Although immunochemotherapy-associated IP has been extensively studied; however, the exact incidence of IP among lymphoma patients remains unclear due to high data variability in previous studies. One retrospective analysis of 2212 Chinese lymphoma patients revealed an overall IP incidence rate of 3.75%, with 3.9% (7/287) and 2.4% (76/925) in patients with Hodgkin and NHL, respectively . Giselle et al. and Wang et al. reported that IP incidence among NHL patients undergoing CHOP-based chemotherapy was 1.3% and 14.8%, respectively [7,14]. Other groups have reported values within this range, including 4.4% (5/114 patients) by Toshiro Kurokawa et al. , 6.2% (8/129 patients) by Katsuya Hiroo el al. , 7% (5/71 patients) by Lim KH et al. , and 4.9% (26/529 patients) by Huang et al. . These studies also suggested that the addition of the rituximab to therapeutic regimen might be responsible for the increase of IP incidence. In the present study, we observed a higher IP incidence rate of 21.4% in patients who did not receive preventive treatment, compared with previous reports. There could be several reasons for this difference. First, all patients received rituximab, which possessed broad immunomodulatory activity, thus, elevating the risk of opportunistic infection . Second, these patients were actively monitored by CT, which may detect a higher number of asymptomatic patients. Other possible causes included differences in the baseline characteristics of the patient population, the chemotherapy regimens administered, the intensity of chemotherapeutic dosage, diagnostic techniques, or an extended observation period that was used in this study. Thus, our results suggest that IP is a common occurrence in NHL patients who are undergoing RCHOP therapy.
For patients undergoing immunochemotherapeutic treatment, opportunistic infections remain the leading cause of IP . While all pathogens, including viruses, bacteria, and fungi, could potentially cause IP, PCP is one of the most prominent and deadly pathogens. TMP-SMX is a sulfa antibiotic that offers broad antibacterial efficacy . TMP-SMX is the first-line agent used for PCP prophylaxis in HIV-infected individuals [21,22]. Even among immunocompromised individuals who are HIV-negative, the preventive use of TMP-SMX during chemotherapy may decrease the incidence of PCP [15,23]. Toshiro et al. found that the prophylactic administration of TMP-SMX to NHL patients, who are undergoing RCHOP-based treatment resulted in null cases of PCP infections . With adequate drug adherence and tolerance, TMP-SMX prophylaxis has been shown to protect against 89% of PCP cases [24,25]. Moreover, TMP-SMX is widely available and an inexpensive drug. Therefore, TMP-SMX was selected as the prophylactic agent in this study.
In 1977, Hughes et al. first demonstrated the successful use of TMP-SMX to treat pediatric cancer patients, where untreated patients had a 21% PCP incidence rate, and treated patients had a 0% PCP incidence rate when TMP-SMX was administered either daily or 3 days per week [26,27]. More recently, many studies have confirmed the efficiency of TMP-SMX prophylaxis as a means of decreasing the PCP incidence rate [15,28-31]. A meta-analysis of twelve randomized trials found that TMP-SMX administration was linked to a 91% drop in PCP incidence, with a significant reduction in PCP-related mortality .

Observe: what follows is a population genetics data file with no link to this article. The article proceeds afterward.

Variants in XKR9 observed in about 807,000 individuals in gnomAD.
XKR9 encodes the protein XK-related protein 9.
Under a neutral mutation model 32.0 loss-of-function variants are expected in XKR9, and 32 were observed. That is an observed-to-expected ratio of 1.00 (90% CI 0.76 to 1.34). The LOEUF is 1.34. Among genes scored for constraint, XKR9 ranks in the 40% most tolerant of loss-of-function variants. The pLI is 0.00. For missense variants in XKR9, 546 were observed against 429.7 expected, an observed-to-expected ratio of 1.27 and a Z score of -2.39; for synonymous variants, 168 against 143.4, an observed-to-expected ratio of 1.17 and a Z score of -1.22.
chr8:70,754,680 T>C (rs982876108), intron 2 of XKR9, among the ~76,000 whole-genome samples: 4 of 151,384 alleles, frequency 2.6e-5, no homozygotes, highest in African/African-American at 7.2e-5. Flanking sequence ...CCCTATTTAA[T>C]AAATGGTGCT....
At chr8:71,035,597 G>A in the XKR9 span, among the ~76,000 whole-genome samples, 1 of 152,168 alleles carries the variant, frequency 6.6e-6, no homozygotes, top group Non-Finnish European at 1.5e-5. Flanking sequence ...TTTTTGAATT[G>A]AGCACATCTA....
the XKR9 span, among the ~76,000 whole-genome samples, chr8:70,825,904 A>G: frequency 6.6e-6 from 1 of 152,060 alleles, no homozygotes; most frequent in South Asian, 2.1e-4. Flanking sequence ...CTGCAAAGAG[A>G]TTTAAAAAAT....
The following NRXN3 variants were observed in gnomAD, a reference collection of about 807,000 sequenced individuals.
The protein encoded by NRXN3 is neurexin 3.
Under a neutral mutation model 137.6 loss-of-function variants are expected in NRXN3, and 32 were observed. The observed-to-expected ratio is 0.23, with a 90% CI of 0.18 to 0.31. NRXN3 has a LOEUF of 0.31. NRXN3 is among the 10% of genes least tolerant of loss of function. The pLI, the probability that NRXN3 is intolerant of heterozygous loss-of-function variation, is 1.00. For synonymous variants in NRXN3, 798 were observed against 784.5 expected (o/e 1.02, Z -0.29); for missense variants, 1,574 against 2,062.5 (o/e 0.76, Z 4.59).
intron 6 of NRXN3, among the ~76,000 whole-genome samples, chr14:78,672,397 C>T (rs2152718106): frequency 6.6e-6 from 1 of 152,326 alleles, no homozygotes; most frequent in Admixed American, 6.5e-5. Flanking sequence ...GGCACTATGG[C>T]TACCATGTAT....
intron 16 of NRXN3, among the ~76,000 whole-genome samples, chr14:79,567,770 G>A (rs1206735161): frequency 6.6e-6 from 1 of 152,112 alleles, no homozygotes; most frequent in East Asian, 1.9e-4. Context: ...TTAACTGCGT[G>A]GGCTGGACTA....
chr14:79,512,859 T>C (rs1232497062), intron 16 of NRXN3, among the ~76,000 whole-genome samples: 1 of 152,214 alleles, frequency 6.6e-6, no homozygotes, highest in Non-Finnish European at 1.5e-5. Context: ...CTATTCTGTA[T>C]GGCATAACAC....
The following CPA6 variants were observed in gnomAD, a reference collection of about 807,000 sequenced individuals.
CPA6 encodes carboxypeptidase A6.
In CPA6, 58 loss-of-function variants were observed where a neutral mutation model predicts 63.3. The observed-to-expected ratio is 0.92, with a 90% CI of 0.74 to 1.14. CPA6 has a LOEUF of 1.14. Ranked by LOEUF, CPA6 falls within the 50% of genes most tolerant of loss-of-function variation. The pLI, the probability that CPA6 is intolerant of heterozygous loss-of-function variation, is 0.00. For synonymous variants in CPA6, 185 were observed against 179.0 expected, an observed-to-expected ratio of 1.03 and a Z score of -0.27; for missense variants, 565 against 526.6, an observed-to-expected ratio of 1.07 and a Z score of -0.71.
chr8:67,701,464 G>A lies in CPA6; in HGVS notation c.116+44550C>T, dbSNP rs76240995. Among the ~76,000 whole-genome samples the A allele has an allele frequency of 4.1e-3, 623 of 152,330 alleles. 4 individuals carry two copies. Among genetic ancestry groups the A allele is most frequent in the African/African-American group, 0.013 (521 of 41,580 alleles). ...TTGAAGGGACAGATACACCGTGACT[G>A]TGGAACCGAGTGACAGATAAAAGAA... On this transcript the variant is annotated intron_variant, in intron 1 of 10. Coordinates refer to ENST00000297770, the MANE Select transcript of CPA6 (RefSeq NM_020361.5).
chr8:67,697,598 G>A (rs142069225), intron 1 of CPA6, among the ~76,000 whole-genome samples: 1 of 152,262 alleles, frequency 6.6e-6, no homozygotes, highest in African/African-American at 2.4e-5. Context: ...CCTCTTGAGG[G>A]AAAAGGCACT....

However, the optimal administration schedule for prophylactic TMP-SMX treatment is not well-defined. In previous studies, TMP-SMX was administered either once daily , twice daily two times per week , two consecutive days per week [28,32,33], twice weekly , or three days per week . A meta-analysis concluded that lower doses of TMP-SMX were an effective means of improving tolerance without compromising the prophylactic efficacy [23,34]. Here, patients were administered one tablet of TMP-SMX per day, and this approach was convenient and easy to implement.
We found that a history of diabetes, being male, and not undergoing prophylactic TMP-SMX treatment were independent risk factors associated with IP. In diabetic patients, hyperglycemia affects the intracellular bactericidal efficacy of immune cells. Additionally, the thickening of the alveolar epithelium, degeneration of vascular hyaline, and pulmonary microangiopathy can affect lung function. Therefore, patients with diabetes had a 30% higher pneumonia-related mortality compared with non-diabetic patients . Males usually receive higher doses of rituximab, have a longer smoking history, and are more likely to have poorer basic lung function than females. However, this study did not find other IP-associated risk factors that were identified in previous studies, such as the use of rituximab [13-15,17,36], pre-treatment absolute lymphocyte counts <1x109/L , B symptoms, a history of drug allergy [9,14], and increased intensity of corticosteroid exposure [5,37,38].
This study had several limitations, which need to be considered while interpreting these results. There are several factors, other than infectious pathogens that can cause IP, such as environmental or chemical damage, or immune-mediated inflammation . Our study observed that the prophylactic use of TMP-SMX decreased the IP incidence rate; hence, we speculated that TMP-SMX mainly decreased infection caused by PCP. However, currently, there is insufficient evidence regarding pathogens that cause IP. For example, BAL was not widely used in this study. Of the seven patients who received BAL, none of them suffered from PCP infections. Also, most patients were unwilling to receive biopsy of lung lesions. Additionally, the retrospective nature of this study increased the risk of unintentional bias, potentially explaining the observed discrepancies regarding the rate of side effects associated with TMP-SMX. Therefore, further prospective studies are needed to explore other prophylactic drugs and optimal administration.